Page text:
“If you were a diabetic and you didn’t have money for a hit of insulin, would you steal to get the money? Or just die?”
A Scanner Darkly is one of my favorite movies, so I thought it was time I read the book. It’s about a futuristic drug called Substance D that either kills people or permanently destroys their brains after a while, but because it’s addictive, users keep using it anyway. Philip K. Dick himself was damaged by drug addiction and bases some of the characters on friends of his, some of whom died due to drug use, so he knows what he’s writing about. Continue reading
“He keeps complaining that the Singularity isn’t working out the way he’d hoped. I think part of what disappoints him is just how damned bureaucratic it is. So many lawyers. So many meetings.”
When I was a teenager, I was a huge fan of Neal Stephenson. I read his early novels Snow Crash, The Diamond Age, and Zodiac at least half-a-dozen times each. However, it’s been about 20 years since I last read something by him. (Wow, that suddenly makes me realize just how old I am.) I think the reason I stopped reading Stephenson is his novel Cryptonomicon. While it was good, it was a struggle for me to get all the way through. (It’s not exactly the type of book you read over and over again.)
I just wanted to drop a quick note to let you know my story, “Mommy Blog Z: Picky Eaters”, has just been published on Every Day Fiction! It’s basically what the title suggests: an entry from a mommy blog on how to deal with a child who is a picky eater. Oh, and it takes place during the zombie apocalypse.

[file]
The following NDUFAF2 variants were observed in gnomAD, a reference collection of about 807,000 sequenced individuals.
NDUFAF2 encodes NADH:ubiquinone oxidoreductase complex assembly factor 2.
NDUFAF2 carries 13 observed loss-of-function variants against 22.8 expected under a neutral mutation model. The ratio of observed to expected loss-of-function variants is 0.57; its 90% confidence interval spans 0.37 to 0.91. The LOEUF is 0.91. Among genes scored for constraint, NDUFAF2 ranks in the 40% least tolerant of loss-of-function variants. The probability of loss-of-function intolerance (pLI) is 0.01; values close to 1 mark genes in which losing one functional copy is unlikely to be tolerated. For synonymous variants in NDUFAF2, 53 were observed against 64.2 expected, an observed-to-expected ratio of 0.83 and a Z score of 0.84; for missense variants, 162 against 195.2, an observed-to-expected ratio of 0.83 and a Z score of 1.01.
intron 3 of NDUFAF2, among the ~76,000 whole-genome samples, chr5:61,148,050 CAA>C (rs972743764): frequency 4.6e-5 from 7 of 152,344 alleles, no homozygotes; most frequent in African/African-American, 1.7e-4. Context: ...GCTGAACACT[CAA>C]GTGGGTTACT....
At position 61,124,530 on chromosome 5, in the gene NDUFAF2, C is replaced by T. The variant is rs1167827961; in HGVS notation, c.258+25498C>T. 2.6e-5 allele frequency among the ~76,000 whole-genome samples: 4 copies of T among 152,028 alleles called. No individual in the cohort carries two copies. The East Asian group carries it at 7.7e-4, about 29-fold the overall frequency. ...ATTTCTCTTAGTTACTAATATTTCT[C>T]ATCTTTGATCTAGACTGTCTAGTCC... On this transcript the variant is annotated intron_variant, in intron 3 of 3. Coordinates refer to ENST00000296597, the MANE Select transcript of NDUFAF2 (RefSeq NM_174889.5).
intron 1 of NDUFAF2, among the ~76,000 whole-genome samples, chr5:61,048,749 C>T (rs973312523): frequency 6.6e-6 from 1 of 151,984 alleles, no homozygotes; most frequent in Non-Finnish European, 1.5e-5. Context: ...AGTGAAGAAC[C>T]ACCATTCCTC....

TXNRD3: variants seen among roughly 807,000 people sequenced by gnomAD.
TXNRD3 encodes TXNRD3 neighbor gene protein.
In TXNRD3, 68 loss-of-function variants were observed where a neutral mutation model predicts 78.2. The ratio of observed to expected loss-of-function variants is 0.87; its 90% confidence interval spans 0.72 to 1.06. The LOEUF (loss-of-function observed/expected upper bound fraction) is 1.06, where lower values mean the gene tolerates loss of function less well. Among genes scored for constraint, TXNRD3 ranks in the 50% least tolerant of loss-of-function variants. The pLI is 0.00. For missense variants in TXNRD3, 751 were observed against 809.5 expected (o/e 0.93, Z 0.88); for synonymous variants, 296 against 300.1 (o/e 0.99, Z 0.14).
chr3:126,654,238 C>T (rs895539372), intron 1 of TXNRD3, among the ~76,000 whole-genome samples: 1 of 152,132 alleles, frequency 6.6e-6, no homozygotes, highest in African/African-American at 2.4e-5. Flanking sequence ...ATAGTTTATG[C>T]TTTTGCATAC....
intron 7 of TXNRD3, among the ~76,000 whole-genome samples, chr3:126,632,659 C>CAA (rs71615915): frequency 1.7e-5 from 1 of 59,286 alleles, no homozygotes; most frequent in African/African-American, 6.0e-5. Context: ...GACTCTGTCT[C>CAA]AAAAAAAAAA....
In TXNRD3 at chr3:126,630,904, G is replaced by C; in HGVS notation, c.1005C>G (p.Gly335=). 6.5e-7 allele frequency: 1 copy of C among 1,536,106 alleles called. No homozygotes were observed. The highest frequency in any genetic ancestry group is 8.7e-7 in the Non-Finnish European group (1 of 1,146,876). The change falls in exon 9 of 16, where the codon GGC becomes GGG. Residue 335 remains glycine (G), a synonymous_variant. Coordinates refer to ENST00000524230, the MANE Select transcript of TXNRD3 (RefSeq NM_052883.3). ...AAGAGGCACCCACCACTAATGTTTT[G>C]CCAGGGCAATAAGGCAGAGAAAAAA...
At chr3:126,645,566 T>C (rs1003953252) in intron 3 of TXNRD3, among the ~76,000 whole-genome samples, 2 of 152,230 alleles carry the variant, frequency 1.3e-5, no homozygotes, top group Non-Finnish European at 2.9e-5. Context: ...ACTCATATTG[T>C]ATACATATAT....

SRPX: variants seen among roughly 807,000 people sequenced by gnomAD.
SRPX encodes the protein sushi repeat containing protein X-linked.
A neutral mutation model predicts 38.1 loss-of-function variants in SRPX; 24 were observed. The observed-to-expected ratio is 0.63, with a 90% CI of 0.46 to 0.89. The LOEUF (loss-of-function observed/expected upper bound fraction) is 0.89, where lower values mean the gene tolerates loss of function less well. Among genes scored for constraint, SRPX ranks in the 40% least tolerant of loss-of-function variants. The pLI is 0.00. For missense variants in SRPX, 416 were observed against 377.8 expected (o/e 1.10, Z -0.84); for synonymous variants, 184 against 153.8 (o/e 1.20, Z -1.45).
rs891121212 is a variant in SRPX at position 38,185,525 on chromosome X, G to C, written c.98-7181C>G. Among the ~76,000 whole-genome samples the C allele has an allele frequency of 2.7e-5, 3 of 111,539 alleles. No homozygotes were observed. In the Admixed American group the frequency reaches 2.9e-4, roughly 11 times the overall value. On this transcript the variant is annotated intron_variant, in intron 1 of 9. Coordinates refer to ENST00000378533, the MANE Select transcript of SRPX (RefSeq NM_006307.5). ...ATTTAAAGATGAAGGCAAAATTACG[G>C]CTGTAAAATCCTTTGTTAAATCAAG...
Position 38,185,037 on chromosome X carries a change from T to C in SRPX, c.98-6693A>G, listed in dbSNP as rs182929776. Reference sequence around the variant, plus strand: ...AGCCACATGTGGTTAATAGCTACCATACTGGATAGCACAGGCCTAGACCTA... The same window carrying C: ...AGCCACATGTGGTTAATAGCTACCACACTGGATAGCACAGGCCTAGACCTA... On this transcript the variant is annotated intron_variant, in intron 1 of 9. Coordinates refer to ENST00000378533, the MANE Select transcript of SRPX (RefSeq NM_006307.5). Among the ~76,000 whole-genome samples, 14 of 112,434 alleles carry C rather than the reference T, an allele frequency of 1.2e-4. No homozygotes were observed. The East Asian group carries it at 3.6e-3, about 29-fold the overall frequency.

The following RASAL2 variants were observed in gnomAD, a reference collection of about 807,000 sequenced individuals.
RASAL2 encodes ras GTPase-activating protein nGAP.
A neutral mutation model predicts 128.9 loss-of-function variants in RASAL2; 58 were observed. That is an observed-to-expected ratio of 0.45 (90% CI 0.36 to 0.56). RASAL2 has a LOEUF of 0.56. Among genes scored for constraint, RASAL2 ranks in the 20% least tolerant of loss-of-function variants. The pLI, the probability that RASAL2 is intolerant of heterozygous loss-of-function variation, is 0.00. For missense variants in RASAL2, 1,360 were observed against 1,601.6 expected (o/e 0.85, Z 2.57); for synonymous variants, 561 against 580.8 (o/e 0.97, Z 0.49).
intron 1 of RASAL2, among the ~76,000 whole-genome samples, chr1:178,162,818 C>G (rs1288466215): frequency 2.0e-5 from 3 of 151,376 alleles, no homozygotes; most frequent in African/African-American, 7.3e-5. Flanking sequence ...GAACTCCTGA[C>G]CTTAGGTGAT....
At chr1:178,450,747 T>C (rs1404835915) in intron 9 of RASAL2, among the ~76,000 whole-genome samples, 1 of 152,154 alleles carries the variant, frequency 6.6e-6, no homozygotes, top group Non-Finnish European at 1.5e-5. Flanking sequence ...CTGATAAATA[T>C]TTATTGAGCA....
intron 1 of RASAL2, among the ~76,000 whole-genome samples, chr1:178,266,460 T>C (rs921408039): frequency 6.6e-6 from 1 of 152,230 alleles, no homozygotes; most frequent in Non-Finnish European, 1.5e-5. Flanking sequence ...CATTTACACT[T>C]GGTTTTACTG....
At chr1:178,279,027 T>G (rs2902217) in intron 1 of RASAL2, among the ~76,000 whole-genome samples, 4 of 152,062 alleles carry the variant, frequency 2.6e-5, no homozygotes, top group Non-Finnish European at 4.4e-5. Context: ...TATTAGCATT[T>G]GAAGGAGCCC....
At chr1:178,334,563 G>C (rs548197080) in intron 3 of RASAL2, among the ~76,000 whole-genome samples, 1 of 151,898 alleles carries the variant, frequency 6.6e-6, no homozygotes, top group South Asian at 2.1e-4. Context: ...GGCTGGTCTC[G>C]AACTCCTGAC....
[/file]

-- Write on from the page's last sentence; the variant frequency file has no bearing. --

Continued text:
It currently has a rating of 4.3 out of 5 stars, which I think it pretty good and there’s a couple comments on the story already. One comment reads: “Wonderful, I was laughing the whole way through!” and another commenter called it a “clever clear story.”
Be sure to check it out, and if you like it, be sure to leave a rating or comment of your own.
“There are things which only madmen fear because only madmen may truly conceive of them.”
Thomas Ligotti’s writing is quite reminiscent of H. P. Lovecraft’s in many ways. They both like to use what I think of as “thesaurus words” like tenebrosity and Piranesian, making many stories feel like the author values style over substance. Their narrators are often academics steeped in occult lore who come to realize humans are insignificant on a cosmic scale. They both have a preoccupation with dreams and cults. Neither feature very many female characters.